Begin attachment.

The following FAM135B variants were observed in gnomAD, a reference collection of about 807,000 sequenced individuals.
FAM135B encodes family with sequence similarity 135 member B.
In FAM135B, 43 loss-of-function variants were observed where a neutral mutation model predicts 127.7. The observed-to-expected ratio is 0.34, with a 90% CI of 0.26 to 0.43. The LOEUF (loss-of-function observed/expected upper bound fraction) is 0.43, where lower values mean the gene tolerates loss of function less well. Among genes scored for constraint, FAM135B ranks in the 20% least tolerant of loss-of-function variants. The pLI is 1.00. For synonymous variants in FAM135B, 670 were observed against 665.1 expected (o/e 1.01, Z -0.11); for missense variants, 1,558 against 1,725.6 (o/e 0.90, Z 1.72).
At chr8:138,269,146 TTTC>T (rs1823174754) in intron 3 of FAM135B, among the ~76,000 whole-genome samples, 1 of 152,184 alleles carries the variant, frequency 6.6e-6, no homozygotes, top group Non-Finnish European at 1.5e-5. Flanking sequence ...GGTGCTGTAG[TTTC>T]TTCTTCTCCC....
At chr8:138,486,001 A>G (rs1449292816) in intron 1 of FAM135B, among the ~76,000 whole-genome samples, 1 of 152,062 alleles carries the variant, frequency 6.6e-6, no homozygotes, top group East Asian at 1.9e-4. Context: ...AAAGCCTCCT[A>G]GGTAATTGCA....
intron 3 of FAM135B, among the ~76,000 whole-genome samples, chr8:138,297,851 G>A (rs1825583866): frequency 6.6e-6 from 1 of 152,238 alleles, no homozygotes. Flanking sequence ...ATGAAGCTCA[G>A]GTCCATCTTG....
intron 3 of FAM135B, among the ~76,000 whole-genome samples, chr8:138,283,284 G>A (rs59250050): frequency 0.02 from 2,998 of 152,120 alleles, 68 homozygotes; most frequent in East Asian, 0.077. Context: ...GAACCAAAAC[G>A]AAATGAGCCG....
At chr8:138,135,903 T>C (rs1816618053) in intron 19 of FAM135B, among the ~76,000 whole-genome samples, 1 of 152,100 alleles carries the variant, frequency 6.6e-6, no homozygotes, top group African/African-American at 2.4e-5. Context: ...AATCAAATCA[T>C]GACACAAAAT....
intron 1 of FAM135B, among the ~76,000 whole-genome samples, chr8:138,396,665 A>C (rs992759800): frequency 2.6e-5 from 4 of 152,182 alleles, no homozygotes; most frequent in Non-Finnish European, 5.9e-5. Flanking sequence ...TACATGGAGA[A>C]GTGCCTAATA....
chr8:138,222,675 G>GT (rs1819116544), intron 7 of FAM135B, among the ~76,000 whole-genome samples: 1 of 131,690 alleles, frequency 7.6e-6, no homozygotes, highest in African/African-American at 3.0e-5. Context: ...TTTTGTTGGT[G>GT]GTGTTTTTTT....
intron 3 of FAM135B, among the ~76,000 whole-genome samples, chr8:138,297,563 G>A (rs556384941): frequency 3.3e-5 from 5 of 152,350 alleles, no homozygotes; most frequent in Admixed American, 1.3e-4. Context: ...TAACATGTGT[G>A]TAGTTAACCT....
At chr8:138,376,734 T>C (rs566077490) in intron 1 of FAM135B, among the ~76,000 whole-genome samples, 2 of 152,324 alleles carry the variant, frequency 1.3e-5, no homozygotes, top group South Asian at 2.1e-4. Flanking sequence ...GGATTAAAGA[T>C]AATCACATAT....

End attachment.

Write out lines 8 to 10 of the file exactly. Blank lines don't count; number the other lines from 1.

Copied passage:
At chr8:138,135,903 T>C (rs1816618053) in intron 19 of FAM135B, among the ~76,000 whole-genome samples, 1 of 152,100 alleles carries the variant, frequency 6.6e-6, no homozygotes, top group African/African-American at 2.4e-5. Context: ...AATCAAATCA[T>C]GACACAAAAT....
intron 1 of FAM135B, among the ~76,000 whole-genome samples, chr8:138,396,665 A>C (rs992759800): frequency 2.6e-5 from 4 of 152,182 alleles, no homozygotes; most frequent in Non-Finnish European, 5.9e-5. Flanking sequence ...TACATGGAGA[A>C]GTGCCTAATA....
chr8:138,222,675 G>GT (rs1819116544), intron 7 of FAM135B, among the ~76,000 whole-genome samples: 1 of 131,690 alleles, frequency 7.6e-6, no homozygotes, highest in African/African-American at 3.0e-5. Context: ...TTTTGTTGGT[G>GT]GTGTTTTTTT....